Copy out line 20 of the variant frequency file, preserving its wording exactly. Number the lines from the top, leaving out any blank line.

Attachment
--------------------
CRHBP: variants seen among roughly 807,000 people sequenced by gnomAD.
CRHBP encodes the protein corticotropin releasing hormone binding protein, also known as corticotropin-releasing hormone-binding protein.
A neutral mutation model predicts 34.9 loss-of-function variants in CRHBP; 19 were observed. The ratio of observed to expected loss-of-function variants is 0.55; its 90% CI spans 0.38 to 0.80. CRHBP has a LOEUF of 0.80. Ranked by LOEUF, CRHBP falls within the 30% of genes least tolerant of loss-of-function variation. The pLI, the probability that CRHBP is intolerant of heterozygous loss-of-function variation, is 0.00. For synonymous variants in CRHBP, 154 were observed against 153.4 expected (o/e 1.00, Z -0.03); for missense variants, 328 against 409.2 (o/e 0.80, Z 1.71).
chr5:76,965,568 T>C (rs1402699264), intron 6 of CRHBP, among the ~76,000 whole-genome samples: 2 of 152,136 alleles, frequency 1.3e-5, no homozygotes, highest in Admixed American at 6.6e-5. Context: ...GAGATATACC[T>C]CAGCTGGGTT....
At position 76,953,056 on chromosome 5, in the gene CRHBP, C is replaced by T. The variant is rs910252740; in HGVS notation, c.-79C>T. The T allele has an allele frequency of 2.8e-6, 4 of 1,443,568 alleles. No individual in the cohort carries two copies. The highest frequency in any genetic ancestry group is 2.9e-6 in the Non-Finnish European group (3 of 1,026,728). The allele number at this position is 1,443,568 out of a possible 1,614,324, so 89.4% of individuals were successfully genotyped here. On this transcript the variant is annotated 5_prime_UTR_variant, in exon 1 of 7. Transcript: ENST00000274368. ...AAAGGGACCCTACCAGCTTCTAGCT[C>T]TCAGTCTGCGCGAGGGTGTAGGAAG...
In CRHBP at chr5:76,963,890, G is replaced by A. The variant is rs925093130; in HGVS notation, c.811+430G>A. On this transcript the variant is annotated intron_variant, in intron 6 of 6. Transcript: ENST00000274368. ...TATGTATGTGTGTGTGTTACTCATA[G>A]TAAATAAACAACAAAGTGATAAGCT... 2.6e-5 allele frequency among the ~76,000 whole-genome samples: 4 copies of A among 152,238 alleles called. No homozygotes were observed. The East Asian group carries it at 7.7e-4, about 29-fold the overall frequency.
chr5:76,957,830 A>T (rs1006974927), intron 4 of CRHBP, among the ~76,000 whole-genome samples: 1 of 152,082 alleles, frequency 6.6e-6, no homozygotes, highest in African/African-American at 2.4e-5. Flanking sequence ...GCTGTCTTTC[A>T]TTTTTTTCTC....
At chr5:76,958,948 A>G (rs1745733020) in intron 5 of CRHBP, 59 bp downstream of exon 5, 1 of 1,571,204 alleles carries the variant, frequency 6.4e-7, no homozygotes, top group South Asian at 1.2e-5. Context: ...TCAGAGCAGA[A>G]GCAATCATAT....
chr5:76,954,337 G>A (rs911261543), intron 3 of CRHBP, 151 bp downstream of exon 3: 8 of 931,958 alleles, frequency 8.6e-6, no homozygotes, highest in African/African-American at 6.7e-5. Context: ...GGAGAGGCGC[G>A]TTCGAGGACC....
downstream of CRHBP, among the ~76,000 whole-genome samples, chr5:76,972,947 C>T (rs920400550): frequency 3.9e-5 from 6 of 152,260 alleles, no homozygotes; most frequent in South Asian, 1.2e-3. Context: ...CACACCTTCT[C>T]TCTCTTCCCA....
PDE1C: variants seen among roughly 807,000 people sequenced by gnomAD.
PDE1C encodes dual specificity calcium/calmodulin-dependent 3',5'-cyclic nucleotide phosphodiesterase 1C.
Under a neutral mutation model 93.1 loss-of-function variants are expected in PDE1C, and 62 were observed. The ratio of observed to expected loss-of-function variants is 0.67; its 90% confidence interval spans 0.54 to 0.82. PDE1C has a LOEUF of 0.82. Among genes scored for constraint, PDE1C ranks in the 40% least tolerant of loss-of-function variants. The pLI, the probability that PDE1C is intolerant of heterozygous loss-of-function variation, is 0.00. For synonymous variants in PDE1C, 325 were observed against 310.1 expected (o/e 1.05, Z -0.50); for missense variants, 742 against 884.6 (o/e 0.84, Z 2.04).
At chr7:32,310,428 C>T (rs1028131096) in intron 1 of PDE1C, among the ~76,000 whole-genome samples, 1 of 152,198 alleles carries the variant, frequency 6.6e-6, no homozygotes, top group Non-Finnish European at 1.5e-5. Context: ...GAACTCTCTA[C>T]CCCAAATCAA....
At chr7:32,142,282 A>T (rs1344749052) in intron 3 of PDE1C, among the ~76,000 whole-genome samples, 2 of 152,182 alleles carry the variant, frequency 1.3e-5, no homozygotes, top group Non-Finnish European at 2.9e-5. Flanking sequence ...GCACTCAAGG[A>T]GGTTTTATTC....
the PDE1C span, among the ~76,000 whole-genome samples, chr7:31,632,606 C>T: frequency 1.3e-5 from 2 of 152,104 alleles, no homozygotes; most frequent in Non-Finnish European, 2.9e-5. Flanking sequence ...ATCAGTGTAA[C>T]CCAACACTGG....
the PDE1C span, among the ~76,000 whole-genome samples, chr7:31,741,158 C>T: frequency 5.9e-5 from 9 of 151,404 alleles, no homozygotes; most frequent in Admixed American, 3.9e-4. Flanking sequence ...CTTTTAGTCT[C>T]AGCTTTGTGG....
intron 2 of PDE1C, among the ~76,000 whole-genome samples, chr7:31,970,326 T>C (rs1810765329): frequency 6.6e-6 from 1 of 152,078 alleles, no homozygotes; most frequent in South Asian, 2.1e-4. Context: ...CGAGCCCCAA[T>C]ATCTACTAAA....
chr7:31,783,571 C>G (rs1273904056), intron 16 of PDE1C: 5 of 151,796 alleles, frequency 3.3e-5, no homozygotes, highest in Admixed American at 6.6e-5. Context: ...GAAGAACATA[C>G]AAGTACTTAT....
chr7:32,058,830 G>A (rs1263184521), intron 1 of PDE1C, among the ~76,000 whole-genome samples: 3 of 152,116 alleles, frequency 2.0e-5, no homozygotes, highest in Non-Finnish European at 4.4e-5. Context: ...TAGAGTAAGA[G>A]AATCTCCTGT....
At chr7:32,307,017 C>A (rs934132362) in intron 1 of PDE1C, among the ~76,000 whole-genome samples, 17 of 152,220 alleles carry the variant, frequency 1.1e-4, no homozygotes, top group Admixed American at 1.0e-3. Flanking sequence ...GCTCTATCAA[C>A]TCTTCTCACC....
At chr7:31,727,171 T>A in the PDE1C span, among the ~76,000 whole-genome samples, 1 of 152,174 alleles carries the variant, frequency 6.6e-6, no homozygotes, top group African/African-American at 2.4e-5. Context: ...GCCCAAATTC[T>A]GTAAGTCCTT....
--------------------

chr7:32,058,830 G>A (rs1263184521), intron 1 of PDE1C, among the ~76,000 whole-genome samples: 3 of 152,116 alleles, frequency 2.0e-5, no homozygotes, highest in Non-Finnish European at 4.4e-5. Context: ...TAGAGTAAGA[G>A]AATCTCCTGT....